Hashing values in SQL Server

TL;DR

  • SQL Server can hash values using some of the common hashing algorithms like MD or SHA.
  • It is possible to use XQuery in addition to XPath in XML value() function to do things T-SQL cannot do on its own.

The Details

Hash values or (hash codes) is what we typically use to store_passwords in databases. We use salt values too. Definitely, we don’t store clear text passwords. Right?

Typically during a login to an application, a password is combined with a salt value stored somewhere in a database and a hash value is calculated which is then compared with the hash value previously stored in a database. But there are other options. It is possible to calculate hash values directly in a database using T-SQL. It could be useful if a bulk update needs to be performed if you want to generate a lot of test users with predefined passwords during a database migration, but it is also possible to overwrite a password hash and gain access to the application as any user.

SQL Server (starting with 2008) has hashbytes function which can be used to calculate hashes using a number of different algorithms. The algorithms supported differ from version to version. The latest 2017 supports MD2, MD4, MD5, SHA, SHA1, SHA2_256, SHA2_512.

Let’s have a look at how to use it

declare @password nvarchar(32) = 'Secret1234'

select 'MD5' Algorithm, hashbytes('md5', @password) Hash
union all select 'SHA' ,hashbytes('sha', @password)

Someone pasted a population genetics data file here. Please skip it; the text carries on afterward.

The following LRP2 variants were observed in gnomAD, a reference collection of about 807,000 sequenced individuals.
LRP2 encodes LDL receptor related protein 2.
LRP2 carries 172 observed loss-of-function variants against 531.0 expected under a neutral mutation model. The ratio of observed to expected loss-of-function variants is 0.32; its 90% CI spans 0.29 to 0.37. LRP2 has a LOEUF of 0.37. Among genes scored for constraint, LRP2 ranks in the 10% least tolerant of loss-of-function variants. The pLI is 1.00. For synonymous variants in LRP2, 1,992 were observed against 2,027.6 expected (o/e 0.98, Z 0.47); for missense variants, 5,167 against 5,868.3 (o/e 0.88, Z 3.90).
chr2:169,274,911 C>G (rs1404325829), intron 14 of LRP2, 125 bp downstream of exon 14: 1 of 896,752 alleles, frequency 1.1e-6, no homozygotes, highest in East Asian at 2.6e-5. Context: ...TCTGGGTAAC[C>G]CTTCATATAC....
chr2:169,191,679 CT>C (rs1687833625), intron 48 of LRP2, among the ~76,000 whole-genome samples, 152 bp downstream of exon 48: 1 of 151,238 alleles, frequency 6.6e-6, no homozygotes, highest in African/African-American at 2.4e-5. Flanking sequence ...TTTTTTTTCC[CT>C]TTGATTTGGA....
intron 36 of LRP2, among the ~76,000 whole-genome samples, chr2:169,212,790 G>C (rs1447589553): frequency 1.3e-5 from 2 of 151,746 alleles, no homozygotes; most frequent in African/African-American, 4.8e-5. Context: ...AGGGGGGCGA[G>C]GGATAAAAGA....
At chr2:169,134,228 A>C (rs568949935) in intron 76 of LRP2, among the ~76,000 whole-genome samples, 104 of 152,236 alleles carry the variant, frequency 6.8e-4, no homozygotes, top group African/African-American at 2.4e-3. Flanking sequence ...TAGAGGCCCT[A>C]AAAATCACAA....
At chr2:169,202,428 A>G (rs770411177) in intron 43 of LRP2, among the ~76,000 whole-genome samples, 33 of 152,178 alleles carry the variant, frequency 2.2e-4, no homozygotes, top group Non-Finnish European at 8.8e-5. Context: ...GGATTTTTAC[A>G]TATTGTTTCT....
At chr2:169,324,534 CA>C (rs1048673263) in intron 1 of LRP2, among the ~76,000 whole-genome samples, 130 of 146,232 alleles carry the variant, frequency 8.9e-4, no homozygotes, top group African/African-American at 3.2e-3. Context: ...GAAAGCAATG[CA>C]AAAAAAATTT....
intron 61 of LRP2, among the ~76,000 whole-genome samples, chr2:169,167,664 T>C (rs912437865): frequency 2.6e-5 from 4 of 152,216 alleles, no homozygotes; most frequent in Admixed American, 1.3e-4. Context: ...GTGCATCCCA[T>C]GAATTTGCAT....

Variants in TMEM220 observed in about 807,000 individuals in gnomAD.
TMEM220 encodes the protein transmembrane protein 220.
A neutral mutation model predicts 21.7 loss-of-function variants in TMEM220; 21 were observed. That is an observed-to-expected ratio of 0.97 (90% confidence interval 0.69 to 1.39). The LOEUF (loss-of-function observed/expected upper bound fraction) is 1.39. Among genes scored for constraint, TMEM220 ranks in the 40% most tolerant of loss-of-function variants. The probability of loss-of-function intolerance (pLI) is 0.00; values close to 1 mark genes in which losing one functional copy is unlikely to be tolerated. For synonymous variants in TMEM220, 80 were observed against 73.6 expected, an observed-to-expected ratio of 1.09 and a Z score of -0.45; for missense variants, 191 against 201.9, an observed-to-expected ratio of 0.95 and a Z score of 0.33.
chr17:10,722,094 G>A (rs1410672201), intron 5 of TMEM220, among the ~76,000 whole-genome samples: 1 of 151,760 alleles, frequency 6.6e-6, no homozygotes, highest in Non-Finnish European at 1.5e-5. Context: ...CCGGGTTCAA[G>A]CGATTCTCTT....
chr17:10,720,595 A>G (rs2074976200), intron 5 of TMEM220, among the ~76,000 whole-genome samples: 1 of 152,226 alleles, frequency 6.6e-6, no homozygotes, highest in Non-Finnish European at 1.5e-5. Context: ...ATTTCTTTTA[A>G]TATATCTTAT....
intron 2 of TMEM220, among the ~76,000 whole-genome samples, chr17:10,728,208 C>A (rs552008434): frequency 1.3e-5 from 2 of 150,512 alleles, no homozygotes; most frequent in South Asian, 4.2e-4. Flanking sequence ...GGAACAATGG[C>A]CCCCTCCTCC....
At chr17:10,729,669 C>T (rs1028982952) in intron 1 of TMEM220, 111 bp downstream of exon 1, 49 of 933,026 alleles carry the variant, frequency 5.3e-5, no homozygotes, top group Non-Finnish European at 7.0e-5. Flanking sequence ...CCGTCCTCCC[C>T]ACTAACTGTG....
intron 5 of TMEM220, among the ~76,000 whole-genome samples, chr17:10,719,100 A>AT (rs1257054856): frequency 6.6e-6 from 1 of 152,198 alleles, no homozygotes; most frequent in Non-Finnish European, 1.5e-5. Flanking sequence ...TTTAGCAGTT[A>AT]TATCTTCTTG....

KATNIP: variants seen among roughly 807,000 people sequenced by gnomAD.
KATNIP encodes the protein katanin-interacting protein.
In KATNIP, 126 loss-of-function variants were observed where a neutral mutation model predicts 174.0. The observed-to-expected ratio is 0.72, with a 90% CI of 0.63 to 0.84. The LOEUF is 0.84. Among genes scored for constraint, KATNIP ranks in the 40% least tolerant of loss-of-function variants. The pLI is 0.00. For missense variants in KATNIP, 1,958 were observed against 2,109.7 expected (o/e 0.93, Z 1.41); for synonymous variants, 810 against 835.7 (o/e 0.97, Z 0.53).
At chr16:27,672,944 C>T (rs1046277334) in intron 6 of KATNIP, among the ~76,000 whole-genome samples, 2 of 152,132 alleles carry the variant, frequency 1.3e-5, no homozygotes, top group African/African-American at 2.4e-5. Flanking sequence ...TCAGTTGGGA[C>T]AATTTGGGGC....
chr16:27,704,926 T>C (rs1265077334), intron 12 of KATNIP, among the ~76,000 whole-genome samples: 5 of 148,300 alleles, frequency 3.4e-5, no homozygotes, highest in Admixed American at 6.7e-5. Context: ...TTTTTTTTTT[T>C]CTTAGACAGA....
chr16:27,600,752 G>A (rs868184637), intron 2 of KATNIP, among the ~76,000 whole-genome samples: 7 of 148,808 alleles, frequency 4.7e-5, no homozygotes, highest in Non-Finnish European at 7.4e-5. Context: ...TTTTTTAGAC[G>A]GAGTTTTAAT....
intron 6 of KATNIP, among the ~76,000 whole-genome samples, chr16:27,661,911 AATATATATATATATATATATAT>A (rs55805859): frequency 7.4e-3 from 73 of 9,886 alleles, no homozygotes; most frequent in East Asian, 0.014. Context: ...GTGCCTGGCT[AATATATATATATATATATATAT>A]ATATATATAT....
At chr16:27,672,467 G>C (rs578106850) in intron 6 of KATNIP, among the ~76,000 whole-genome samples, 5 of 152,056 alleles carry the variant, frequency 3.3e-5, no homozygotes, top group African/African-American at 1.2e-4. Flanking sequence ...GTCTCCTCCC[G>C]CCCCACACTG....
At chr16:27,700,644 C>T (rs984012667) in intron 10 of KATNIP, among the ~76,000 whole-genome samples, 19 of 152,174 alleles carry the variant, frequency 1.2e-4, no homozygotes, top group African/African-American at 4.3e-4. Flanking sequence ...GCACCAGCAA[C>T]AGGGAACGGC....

union all select 'SHA2_256' ,hashbytes('sha2_256', @password)

which produces something like this

Hashing results

You can see that the results are of varbinary type. That’s OK if your application is storing the hash in this format, but from my experiance, most developers will not know that a byte array can be stored in a database and they will convert it into a Base64 string.

SQL Server does not do Base64 encoding (not as far as I know) but it does support XML and XQuery, and they do encoding. So let’s use it.

declare @password nvarchar(32) = 'Secret1234'

select Algorithm
,convert(xml, N'').value('
xs:base64Binary(xs:hexBinary(sql:column("Hash")))', 'varchar(max)'
) Base64Hash
from (
select 'MD5' Algorithm, hashbytes('md5', @password) Hash
union all select 'SHA' ,hashbytes('sha', @password)
union all select 'SHA2_256' ,hashbytes('sha2_256', @password)
) t

Here I’m converting an empty string N'' to an XML type which creates an empty XML object which allows me to use it’s value() method to execute XQuery which is a functional language. In most examples of XML in SQL Server the only thing you will see is XPath in value() but XQuery can be used too.

The results are more what you’d expect:

Hashes to Base64

One thing to note. The hashing algorithms operator on bytes so are not only case sensitive but type sensitive too.

declare @password nvarchar(32) = 'Secret1234'

select
'varchar' Type
,hashbytes('md5', convert(varchar(32), @password)) Hash
union all select
'nvarchar'
,hashbytes('md5', convert(nvarchar(32), @password))

Have a look at the results. Only because type used is different, the hash is different too.

Hash values using different types

If you want to make it work with .Net make sure to use nvarchar as in .Net strings are Unicode.

How can it be useful?

  • It is possible to push hash calculation and comparison to database which means the correct hash and salt value are never loaded to the application memory.
  • It is possible to generate hashes for test users in database seeding scripts avoiding application doing row by row processing.
  • It is possible to generate hashes of objects to detect changes (although the checksum function can good enough and faster too).
  • It is possible to use XQuery to do things T-SQL cannot do.

But it brings some risk too
* It is possible to gain access to an account by updating values in a database even when using hashing with salt.

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